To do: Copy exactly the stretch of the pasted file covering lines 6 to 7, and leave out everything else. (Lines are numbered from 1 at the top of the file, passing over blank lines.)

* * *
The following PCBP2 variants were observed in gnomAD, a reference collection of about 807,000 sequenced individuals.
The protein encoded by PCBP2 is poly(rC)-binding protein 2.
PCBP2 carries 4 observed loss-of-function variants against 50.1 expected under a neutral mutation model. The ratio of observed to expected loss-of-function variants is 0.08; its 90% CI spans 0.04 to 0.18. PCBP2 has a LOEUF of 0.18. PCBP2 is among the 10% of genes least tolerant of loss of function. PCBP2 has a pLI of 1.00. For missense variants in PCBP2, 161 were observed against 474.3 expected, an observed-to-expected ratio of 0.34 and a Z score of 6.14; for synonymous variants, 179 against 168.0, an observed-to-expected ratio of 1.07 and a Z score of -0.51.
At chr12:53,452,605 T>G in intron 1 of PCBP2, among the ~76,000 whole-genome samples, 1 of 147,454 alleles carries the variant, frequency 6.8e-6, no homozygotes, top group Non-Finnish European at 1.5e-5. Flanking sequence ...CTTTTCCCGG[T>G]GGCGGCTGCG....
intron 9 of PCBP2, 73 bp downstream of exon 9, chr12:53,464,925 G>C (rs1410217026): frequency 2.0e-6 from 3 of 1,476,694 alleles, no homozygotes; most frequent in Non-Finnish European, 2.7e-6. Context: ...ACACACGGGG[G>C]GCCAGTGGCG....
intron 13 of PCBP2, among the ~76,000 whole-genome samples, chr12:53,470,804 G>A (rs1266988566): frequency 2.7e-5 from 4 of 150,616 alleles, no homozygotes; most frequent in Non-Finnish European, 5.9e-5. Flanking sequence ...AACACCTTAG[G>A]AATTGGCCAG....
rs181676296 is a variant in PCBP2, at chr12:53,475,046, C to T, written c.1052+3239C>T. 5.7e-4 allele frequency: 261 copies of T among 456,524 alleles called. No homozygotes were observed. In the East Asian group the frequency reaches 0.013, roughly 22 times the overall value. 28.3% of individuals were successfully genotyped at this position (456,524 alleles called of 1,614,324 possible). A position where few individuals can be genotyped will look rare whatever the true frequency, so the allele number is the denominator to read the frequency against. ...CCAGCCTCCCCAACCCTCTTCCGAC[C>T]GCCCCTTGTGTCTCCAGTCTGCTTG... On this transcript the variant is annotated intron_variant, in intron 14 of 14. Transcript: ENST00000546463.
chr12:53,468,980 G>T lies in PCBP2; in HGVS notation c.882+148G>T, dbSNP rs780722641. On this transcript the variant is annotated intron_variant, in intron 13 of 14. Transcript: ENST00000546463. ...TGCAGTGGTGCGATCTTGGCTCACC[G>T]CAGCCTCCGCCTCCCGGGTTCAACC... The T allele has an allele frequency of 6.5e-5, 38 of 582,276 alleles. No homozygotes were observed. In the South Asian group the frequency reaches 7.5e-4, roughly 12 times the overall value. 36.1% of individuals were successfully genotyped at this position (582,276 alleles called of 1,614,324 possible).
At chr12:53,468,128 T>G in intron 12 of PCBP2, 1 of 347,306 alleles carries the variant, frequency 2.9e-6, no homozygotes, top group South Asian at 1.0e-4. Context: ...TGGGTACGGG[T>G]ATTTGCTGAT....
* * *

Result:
intron 13 of PCBP2, among the ~76,000 whole-genome samples, chr12:53,470,804 G>A (rs1266988566): frequency 2.7e-5 from 4 of 150,616 alleles, no homozygotes; most frequent in Non-Finnish European, 5.9e-5. Flanking sequence ...AACACCTTAG[G>A]AATTGGCCAG....
rs181676296 is a variant in PCBP2, at chr12:53,475,046, C to T, written c.1052+3239C>T. 5.7e-4 allele frequency: 261 copies of T among 456,524 alleles called. No homozygotes were observed. In the East Asian group the frequency reaches 0.013, roughly 22 times the overall value. 28.3% of individuals were successfully genotyped at this position (456,524 alleles called of 1,614,324 possible). A position where few individuals can be genotyped will look rare whatever the true frequency, so the allele number is the denominator to read the frequency against. ...CCAGCCTCCCCAACCCTCTTCCGAC[C>T]GCCCCTTGTGTCTCCAGTCTGCTTG... On this transcript the variant is annotated intron_variant, in intron 14 of 14. Transcript: ENST00000546463.